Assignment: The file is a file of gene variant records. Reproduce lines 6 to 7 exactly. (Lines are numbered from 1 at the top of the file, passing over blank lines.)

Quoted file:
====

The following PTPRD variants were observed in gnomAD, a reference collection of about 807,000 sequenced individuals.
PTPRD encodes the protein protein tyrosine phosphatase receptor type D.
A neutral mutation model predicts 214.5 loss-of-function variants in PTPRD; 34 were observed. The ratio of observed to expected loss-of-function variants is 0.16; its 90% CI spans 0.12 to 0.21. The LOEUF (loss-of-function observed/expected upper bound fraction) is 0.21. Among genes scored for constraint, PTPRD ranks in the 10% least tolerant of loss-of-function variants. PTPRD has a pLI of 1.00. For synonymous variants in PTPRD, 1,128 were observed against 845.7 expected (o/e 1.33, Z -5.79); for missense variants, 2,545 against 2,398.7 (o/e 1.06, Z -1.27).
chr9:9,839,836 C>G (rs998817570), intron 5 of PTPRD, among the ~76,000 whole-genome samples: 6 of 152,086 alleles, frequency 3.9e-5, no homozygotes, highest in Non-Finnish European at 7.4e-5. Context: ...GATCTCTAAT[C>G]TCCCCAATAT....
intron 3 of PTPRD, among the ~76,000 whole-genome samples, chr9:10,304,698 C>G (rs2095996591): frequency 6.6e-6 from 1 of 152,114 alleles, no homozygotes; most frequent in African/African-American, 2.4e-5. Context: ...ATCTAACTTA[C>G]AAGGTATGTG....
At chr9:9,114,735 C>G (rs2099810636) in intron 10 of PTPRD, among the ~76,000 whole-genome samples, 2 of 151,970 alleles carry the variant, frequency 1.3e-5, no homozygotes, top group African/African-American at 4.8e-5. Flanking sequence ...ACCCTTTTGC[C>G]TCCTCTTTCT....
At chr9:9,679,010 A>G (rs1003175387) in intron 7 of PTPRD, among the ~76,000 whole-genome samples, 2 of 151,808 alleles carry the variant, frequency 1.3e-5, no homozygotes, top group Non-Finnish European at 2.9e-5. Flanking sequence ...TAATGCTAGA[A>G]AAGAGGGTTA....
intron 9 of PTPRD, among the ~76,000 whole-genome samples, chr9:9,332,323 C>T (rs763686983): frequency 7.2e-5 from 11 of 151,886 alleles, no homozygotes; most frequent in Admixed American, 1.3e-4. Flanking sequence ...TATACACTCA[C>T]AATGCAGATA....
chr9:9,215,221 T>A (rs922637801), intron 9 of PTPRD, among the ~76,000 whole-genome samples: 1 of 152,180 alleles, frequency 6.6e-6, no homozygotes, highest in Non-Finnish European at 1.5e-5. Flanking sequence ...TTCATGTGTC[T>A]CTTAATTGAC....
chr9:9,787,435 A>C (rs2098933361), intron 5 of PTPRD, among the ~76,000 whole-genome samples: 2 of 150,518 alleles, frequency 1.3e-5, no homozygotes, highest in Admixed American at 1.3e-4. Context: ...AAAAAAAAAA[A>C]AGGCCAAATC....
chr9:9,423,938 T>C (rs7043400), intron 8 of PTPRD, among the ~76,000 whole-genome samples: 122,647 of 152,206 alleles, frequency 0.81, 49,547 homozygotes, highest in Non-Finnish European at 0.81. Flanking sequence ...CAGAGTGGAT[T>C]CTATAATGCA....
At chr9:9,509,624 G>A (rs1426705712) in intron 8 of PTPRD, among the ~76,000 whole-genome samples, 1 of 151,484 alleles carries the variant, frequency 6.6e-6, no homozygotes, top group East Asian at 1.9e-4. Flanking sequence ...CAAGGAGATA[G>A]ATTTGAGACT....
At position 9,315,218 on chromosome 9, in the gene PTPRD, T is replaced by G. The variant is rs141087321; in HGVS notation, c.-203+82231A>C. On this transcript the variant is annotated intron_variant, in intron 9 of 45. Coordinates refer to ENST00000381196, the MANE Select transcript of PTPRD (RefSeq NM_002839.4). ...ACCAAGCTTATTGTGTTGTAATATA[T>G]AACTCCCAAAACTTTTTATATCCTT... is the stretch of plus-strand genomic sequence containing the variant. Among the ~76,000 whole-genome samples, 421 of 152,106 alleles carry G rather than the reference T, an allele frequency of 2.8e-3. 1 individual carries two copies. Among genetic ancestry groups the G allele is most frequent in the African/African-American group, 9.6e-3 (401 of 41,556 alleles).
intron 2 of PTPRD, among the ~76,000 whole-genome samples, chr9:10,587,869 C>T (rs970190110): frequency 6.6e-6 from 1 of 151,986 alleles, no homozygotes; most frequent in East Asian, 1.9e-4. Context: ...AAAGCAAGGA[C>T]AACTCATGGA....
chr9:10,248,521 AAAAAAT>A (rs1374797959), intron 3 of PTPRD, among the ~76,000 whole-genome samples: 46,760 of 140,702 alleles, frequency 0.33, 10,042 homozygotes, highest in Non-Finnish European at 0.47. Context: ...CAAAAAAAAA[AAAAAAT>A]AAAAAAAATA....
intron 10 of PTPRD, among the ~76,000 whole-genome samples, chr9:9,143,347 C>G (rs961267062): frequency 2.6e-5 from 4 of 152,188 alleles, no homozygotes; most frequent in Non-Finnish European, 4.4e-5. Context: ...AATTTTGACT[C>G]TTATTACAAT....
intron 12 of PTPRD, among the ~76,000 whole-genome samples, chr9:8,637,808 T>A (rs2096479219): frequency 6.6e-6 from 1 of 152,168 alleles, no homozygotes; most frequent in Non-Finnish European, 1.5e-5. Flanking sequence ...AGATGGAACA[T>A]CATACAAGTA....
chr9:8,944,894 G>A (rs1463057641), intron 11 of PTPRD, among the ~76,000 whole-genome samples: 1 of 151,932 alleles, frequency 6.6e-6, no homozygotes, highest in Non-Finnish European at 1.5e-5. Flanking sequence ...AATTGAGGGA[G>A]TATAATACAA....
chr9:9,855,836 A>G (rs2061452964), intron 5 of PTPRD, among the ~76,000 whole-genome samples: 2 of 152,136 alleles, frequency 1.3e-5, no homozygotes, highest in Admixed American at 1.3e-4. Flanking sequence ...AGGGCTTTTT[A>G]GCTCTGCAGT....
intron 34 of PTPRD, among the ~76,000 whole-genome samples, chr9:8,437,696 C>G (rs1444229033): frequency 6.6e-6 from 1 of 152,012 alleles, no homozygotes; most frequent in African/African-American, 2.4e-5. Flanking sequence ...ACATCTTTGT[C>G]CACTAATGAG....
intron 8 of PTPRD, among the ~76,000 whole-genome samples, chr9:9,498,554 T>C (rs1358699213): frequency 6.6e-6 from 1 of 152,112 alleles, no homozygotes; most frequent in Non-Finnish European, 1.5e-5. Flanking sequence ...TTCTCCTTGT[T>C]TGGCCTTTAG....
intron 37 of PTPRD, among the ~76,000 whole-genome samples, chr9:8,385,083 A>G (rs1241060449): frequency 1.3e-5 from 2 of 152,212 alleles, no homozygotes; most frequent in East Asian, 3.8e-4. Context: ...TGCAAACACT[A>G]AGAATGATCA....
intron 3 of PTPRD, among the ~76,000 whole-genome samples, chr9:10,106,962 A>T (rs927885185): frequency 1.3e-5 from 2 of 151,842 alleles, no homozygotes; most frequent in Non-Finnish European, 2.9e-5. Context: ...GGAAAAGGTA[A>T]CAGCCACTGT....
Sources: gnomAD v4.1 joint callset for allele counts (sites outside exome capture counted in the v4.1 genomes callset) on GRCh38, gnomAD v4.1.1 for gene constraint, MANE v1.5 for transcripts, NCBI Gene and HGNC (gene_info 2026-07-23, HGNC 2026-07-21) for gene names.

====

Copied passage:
At chr9:9,114,735 C>G (rs2099810636) in intron 10 of PTPRD, among the ~76,000 whole-genome samples, 2 of 151,970 alleles carry the variant, frequency 1.3e-5, no homozygotes, top group African/African-American at 4.8e-5. Flanking sequence ...ACCCTTTTGC[C>G]TCCTCTTTCT....
At chr9:9,679,010 A>G (rs1003175387) in intron 7 of PTPRD, among the ~76,000 whole-genome samples, 2 of 151,808 alleles carry the variant, frequency 1.3e-5, no homozygotes, top group Non-Finnish European at 2.9e-5. Flanking sequence ...TAATGCTAGA[A>G]AAGAGGGTTA....